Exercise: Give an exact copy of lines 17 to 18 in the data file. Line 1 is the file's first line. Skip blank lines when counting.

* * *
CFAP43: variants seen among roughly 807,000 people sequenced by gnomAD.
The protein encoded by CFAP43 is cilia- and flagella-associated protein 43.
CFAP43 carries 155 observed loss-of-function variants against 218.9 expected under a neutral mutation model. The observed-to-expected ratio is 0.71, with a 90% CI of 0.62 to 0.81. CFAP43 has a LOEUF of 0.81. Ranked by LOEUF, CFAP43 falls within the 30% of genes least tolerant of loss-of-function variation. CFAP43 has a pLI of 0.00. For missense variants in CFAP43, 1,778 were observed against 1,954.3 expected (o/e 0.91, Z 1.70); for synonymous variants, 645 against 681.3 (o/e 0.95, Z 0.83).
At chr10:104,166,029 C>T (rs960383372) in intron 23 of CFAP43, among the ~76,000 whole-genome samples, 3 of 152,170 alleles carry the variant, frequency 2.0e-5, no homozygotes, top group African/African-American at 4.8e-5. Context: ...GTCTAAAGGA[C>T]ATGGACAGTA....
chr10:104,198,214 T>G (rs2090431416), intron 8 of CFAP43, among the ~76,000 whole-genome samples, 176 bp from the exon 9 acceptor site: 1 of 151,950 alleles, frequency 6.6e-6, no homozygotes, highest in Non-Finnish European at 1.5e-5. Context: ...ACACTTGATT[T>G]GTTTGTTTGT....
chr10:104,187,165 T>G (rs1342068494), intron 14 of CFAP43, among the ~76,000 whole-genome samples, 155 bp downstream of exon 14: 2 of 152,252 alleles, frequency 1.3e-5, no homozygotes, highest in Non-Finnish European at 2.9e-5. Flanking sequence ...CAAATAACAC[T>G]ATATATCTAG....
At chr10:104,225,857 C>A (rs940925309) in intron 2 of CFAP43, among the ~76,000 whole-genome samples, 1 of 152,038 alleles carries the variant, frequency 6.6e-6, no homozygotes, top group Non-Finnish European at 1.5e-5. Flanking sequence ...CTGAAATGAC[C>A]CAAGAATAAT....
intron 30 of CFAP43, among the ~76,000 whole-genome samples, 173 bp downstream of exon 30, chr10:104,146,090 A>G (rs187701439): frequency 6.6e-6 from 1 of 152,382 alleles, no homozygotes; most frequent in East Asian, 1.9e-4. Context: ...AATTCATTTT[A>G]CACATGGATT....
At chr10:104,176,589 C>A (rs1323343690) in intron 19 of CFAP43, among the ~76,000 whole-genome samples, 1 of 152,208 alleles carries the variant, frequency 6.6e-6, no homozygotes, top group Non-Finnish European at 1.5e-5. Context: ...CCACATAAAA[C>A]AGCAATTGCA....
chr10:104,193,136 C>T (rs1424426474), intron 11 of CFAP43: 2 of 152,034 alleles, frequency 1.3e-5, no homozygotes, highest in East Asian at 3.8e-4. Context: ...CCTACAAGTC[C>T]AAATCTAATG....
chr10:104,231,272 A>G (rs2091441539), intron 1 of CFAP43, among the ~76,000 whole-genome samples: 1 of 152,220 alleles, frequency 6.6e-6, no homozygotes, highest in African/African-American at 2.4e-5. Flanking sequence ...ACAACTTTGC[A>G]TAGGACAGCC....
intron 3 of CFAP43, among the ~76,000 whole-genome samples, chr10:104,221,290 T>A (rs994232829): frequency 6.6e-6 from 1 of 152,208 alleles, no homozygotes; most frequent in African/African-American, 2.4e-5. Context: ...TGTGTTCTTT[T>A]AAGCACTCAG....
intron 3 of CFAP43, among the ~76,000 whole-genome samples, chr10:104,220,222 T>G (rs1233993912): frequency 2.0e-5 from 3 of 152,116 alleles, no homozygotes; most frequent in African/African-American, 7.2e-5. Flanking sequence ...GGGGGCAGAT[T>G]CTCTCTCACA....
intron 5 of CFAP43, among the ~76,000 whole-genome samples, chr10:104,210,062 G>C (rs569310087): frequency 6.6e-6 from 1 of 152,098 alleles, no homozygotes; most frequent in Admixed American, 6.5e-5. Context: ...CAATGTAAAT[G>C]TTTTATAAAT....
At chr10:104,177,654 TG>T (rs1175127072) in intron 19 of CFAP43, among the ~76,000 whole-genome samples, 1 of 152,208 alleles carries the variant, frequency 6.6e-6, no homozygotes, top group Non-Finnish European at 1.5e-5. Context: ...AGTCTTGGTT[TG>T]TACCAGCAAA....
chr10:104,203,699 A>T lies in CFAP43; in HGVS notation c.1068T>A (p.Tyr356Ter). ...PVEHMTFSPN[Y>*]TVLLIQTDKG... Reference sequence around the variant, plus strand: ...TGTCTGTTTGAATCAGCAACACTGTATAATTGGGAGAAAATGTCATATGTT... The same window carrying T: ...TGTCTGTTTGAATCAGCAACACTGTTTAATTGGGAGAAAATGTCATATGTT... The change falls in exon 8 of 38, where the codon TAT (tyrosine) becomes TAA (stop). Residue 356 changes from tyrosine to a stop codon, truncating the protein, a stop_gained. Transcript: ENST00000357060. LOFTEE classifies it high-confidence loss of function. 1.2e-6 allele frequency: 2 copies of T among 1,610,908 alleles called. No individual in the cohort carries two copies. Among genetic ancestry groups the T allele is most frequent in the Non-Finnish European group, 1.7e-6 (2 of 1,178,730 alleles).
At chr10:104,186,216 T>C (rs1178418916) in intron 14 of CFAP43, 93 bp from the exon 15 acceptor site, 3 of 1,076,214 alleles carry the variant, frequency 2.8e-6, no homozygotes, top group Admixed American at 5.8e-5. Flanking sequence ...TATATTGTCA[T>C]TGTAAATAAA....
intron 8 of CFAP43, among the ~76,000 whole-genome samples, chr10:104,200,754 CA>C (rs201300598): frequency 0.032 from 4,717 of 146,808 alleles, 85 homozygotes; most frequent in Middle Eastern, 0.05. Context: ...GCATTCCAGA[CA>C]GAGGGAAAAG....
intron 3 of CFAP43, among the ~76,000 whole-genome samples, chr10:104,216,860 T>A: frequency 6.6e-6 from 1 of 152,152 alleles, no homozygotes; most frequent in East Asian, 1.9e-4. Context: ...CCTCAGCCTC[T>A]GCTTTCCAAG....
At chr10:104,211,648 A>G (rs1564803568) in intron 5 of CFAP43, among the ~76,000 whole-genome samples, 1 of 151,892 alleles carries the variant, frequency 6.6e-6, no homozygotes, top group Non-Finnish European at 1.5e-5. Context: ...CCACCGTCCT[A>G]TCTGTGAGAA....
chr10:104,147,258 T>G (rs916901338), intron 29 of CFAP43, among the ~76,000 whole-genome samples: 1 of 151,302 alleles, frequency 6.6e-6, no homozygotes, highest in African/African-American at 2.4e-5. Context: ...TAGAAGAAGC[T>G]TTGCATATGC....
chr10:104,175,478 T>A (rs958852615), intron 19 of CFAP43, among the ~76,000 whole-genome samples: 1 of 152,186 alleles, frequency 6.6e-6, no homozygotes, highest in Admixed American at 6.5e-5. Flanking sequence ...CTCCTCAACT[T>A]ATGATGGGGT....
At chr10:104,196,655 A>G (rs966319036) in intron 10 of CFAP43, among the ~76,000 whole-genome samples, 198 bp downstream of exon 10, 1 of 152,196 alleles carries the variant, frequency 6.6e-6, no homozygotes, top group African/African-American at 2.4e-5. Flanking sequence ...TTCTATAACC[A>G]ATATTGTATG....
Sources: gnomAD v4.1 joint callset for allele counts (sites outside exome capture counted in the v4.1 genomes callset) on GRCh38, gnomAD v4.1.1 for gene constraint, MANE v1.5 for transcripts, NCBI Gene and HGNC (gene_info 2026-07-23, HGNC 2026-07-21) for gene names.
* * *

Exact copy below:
At chr10:104,186,216 T>C (rs1178418916) in intron 14 of CFAP43, 93 bp from the exon 15 acceptor site, 3 of 1,076,214 alleles carry the variant, frequency 2.8e-6, no homozygotes, top group Admixed American at 5.8e-5. Flanking sequence ...TATATTGTCA[T>C]TGTAAATAAA....
intron 8 of CFAP43, among the ~76,000 whole-genome samples, chr10:104,200,754 CA>C (rs201300598): frequency 0.032 from 4,717 of 146,808 alleles, 85 homozygotes; most frequent in Middle Eastern, 0.05. Context: ...GCATTCCAGA[CA>C]GAGGGAAAAG....